After the 2003 SARS and the 2009 swine flu outbreaks, epidemiologists took an interest in how air travel affects the spread of disease. A new study by MIT's Department of Civil and Environmental Engineering now shows how an epidemic would spread in the first few days and seeks to pinpoint which of America's 40 largest airports might facilitate the spread of a pandemic.
The study shows that New York's JFK airport, followed by airports in Los Angeles, Honolulu and San Francisco would play a large role in spreading diseases based on their locations and airport traffic. In the report, MIT researchers say that they hope increased awareness by public officials in specific areas would enable vaccinations and treatments to be properly distributed in the early days of contagion.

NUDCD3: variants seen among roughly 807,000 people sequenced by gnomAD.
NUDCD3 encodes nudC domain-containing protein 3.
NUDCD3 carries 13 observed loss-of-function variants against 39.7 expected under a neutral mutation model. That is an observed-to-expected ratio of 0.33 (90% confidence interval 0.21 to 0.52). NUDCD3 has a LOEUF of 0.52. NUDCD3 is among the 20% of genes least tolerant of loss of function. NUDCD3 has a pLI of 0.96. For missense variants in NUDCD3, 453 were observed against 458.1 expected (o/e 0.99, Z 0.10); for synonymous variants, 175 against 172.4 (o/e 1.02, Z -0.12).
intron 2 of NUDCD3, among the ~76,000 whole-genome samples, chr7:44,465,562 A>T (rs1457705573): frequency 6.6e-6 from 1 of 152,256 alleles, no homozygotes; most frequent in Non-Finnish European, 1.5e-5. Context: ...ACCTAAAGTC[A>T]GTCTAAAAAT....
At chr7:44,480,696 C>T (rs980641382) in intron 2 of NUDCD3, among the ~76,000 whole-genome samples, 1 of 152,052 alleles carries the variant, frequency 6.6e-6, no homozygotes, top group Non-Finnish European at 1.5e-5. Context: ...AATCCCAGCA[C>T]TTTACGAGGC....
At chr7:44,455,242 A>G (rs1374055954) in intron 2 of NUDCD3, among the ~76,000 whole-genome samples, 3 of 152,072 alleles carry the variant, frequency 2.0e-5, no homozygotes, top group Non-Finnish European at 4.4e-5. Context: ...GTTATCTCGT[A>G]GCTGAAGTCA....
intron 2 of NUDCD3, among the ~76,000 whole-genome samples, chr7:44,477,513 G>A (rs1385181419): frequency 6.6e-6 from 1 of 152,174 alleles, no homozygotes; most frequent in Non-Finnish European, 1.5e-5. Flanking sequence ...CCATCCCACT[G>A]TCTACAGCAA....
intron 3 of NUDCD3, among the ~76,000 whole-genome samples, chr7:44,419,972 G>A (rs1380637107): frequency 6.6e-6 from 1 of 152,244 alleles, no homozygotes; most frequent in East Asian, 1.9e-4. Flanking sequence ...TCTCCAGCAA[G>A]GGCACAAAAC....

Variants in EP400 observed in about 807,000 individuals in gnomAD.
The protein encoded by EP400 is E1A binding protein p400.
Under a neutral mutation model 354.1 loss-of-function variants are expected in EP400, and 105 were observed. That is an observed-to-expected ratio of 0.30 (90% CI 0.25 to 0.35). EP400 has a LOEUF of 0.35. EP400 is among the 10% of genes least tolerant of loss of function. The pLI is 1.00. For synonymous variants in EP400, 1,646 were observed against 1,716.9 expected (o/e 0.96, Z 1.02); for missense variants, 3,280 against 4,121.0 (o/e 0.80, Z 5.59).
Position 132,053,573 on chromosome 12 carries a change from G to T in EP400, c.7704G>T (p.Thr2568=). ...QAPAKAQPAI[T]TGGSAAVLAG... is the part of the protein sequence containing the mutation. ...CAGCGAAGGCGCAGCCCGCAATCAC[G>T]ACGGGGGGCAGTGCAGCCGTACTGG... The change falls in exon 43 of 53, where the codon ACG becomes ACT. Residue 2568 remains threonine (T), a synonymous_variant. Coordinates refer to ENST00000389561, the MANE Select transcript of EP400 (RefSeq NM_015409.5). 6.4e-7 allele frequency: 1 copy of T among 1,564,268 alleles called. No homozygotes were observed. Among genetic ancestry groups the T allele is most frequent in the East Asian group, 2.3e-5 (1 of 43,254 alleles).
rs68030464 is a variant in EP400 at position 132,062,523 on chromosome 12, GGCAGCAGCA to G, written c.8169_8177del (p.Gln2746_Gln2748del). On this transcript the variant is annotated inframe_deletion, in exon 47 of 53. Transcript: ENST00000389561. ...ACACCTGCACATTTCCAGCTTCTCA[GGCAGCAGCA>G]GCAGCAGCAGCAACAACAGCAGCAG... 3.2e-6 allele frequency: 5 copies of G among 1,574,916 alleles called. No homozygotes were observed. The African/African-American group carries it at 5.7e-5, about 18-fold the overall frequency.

Medical Daily reports that JFK is an important hub because it not only feeds a large base of people in New York, but it offers connecting flights to every part of the world. MIT researchers evaluated airports based on location, number of connections, and wait times to determine just how fast a disease could spread.
One major finding was the amount of time travelers spent in airports and at the eventually destinations affected the spread of viruses. Given the speed with which many business travelers move, this could be a critical point.
The study also seems to illustrate the fact that, despite Hollywood's insistence to the contrary, travelers behavior in airports could mitigate rather maximize the spread of a harmful pandemic, slow the cross-continental contagion.
It is worth noting that part of the reason airplanes have so commonly been associated with the spread of disease is that Gaetan Dugas, the so-called "Patient Zero" of the modern Aids epidemic, was an Air Canada flight attendant.